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[The title initially was "Actions of gauge groups on framed cobordisms. This has been changed.]

This question is a follow-up to my answer to When is a submanifold of $\mathbf R^n$ given by global equations?

Suppose $M$ is a smooth compact $d$-dimensional submanifold of $\mathbb{R}^n$ given as the transversal zero locus of $k=n-d$ functions. The normal bundle of $M$ in $\mathbb{R}^n$ is framed and moreover, it turns out that $M$ is framed cobordant to 0 bounds a submanifold of $\mathbb{R}^n$, unless $d=0$. (At first I thought this was a consequence of Sard's lemma; now I think this is not quite so obvious but true nonetheless.)

Q1. I would like to ask: is there a submanifold $M$ of $\mathbb{R}^n$ with trivial normal bundle such that no framing of this bundle makes $M$ framed cobordant to 0? A positive answer to this would mean that the answer to the above-mentioned question is negative. [This question still stands, but I don't think it is directly related to the above mentioned question in the other thread.]

Q2. Is there a manifold $M\subset\mathbb{R}^n$ with trivial normal bundle such that no $N$ with boundary $M$ can be embedded in $\mathbb{R}^n$? Presumably this is more difficult than Q1. [But if the answer is positive, this would mean that there are submanifolds of $\mathbb{R}^n$ with trivial normal bundles that can't be given by global equations.]

In general, if $M$ is embeddable in $\mathbb{R}^n$, there seems to be no reason any of the manifolds bounded by $M$ should be. However I do not know of any obstructions or counter-examples.

Q3. What if we drop the condition that the normal bundle is trivial in Q2 and replace it with the weaker condition that $M$ is cobordant to 0, i.e., that all Stiefel-Whitney numbers of $M$ are 0?

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Regarding your 2nd paragraph, consider the map $\mathbb R^4 \to \mathbb R^3$ which you obtain from $S^3 \to S^2$ by "coning off" to get a map $D^4 \to D^3$, then removing the boundary to give a map $\mathbb R^4 \to \mathbb R^3$. The pre-image of any point other than the origin is a Hopf fibre, but stabilized to be considered as a submanifold of $\mathbb R^4$. This represents $2$-torsion in the framed cobordism, since suspension $\mathbb Z \simeq \pi_3 S^2 \to \pi_4 S^3 \simeq \mathbb Z_2$ is reduction mod 2. –  Ryan Budney Oct 26 '11 at 18:19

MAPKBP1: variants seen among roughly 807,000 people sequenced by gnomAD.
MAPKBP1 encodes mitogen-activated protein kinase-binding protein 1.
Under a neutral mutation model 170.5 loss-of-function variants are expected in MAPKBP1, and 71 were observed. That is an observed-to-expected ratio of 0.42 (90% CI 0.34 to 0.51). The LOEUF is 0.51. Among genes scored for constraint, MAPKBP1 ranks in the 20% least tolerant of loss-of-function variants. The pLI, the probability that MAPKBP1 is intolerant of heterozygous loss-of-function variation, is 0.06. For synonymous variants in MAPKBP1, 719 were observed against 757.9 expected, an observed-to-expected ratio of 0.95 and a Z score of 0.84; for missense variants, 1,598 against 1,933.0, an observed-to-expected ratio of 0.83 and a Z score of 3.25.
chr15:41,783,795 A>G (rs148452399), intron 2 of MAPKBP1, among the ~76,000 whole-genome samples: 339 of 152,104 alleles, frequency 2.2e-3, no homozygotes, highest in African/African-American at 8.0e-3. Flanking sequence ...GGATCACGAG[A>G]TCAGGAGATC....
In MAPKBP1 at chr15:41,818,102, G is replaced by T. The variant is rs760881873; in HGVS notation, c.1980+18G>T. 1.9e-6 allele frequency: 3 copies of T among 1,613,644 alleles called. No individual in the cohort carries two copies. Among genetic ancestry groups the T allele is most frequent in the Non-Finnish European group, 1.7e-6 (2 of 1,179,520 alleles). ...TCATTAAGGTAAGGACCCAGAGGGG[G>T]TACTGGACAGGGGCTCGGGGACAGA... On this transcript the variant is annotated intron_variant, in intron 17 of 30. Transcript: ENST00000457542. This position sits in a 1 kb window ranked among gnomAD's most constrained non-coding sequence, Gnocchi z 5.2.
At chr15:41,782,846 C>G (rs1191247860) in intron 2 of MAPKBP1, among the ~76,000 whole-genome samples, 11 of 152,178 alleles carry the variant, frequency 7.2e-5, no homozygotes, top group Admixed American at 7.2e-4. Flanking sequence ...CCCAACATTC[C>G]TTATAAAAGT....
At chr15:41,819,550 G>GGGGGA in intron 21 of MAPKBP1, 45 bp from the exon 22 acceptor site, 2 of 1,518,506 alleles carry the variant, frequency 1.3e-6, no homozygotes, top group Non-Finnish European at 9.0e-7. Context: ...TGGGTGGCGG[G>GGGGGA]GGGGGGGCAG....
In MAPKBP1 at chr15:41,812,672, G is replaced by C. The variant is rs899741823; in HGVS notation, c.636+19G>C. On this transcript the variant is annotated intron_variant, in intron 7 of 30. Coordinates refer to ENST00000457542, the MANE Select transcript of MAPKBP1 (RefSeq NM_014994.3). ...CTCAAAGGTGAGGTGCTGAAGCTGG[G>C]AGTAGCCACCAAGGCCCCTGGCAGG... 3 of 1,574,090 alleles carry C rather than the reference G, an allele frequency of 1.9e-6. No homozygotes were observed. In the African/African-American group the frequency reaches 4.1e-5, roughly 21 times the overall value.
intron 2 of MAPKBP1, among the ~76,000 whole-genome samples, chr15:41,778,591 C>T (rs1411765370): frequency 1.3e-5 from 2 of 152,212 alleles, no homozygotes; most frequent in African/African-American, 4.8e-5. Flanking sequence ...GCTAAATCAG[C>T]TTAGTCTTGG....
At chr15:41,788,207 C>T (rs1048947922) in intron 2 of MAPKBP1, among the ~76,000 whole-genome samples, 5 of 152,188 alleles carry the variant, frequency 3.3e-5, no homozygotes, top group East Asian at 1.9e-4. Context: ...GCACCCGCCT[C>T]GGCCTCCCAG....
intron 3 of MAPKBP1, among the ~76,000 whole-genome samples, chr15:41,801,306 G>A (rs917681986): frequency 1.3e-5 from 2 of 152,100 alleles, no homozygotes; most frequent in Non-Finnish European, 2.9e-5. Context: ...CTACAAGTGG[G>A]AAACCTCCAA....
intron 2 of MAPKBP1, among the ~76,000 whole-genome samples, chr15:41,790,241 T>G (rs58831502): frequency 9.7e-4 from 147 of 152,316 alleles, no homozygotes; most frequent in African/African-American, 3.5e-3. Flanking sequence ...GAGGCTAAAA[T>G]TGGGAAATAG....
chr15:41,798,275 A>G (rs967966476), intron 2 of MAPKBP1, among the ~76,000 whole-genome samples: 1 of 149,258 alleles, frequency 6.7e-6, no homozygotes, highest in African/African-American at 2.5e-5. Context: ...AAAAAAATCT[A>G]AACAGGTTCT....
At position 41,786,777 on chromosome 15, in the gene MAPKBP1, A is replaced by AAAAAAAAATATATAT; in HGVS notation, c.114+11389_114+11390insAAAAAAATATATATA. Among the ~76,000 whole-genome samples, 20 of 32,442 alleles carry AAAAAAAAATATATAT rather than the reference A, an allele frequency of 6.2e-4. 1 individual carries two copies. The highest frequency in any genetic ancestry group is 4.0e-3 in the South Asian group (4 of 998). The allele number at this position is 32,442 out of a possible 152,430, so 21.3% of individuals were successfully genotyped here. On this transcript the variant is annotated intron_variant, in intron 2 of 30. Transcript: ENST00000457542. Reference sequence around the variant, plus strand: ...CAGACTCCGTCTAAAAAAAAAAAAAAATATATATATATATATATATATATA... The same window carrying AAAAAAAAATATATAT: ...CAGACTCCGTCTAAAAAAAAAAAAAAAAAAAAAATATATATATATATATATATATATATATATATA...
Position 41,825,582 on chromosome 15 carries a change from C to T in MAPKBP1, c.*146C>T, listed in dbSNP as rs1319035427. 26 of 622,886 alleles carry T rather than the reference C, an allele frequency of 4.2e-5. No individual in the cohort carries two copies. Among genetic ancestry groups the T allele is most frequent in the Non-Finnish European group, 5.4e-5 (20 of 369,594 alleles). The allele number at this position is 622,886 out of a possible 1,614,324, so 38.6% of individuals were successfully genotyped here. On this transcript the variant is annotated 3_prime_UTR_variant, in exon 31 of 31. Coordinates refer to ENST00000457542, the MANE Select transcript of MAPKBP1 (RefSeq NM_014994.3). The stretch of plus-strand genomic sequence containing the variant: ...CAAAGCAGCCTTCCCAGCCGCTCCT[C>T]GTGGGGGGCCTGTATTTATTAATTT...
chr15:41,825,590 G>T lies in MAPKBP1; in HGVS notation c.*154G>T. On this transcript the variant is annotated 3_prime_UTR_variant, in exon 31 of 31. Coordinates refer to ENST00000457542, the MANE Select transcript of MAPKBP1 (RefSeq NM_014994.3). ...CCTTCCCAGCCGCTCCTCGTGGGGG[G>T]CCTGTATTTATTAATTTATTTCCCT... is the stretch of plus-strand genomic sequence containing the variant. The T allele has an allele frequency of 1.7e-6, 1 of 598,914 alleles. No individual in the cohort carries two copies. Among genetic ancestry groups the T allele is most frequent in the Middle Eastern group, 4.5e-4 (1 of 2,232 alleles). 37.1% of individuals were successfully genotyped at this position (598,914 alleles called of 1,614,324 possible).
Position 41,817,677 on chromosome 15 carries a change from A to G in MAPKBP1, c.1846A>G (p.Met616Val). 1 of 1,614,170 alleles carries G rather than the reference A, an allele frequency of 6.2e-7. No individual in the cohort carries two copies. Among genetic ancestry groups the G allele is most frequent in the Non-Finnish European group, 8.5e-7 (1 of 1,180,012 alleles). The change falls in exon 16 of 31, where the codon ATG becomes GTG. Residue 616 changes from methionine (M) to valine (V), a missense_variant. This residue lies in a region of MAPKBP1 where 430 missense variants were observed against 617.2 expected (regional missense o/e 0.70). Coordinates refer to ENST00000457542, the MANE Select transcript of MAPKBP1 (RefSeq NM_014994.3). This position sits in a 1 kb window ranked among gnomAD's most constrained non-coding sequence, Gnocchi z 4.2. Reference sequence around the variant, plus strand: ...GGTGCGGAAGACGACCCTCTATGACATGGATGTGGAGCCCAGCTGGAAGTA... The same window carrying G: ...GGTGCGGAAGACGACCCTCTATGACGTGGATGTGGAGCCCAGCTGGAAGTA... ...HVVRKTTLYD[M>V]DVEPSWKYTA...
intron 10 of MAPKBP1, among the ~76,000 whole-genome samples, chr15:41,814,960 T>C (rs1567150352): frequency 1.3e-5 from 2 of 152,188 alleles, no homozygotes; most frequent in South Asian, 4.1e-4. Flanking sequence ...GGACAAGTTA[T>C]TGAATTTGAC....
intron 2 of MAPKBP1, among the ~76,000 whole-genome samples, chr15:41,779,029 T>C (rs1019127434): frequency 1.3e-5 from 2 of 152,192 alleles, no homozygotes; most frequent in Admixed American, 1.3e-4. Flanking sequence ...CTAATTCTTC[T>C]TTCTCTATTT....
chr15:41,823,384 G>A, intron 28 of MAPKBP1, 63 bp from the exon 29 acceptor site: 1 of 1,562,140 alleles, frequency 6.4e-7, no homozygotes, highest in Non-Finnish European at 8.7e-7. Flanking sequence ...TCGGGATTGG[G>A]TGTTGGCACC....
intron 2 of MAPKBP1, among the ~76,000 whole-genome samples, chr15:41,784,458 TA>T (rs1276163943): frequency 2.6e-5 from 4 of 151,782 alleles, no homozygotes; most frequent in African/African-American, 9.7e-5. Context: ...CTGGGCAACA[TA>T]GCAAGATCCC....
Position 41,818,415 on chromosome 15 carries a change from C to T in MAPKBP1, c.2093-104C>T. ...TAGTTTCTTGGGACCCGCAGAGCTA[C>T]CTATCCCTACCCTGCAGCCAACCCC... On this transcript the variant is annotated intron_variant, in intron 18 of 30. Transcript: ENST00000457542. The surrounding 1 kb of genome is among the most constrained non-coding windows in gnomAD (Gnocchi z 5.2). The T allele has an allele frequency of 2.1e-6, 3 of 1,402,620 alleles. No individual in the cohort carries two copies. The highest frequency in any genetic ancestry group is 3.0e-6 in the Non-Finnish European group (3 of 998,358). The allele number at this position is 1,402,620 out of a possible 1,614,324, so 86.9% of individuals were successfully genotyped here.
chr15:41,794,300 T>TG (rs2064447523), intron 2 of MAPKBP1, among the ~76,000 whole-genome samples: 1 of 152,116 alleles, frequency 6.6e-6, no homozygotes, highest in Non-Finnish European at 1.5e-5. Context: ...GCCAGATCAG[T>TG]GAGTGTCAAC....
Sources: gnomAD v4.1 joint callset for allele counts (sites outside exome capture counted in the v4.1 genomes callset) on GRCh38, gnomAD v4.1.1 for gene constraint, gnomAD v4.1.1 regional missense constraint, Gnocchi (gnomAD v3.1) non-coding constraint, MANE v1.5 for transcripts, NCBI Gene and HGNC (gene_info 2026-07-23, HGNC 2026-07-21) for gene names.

Ryan -- true, the "Hopf" framed circle represents 2-torsion, but after changing the framing we get 0 –  algori Oct 26 '11 at 18:28
    
Perhaps you meant to include the change-of-framing statement in the 2nd paragraph ? The way I'm reading the statement, it appears false for the reasons given in my first comment. –  Ryan Budney Oct 26 '11 at 20:09
    
Ryan -- I think you are right and the statement is false. Moreover, I'm not sure that even a change of framing would save it (nor that it won't). –  algori Oct 26 '11 at 23:40
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1 Answer 1

The Lie group $SU(2)\cong S^3$, with its left-invariant framing represents a generator of the cobordinsm group of stably-framed 3-manifolds: $$[(S^3,\text{left-invariant framing})]=\bar 1\in \mathbb Z/24\cong\Omega^\text{fr}_3.$$

If you change the framing on $S^3$, you can reach anything in the set $$ \{\bar 1,\bar 3, \bar 5, \bar 7,\ldots,\bar {23}\}\subset\mathbb Z/24, $$ but not the other elements.


Oops!
My answer deals with tangential framings, whereas the question was about normal framings.
I guess I'll leave it here as it might be of independent interest...

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Andre -- thanks, that is interesting, but yes, this is not exactly what I was asking. –  algori Oct 26 '11 at 23:47
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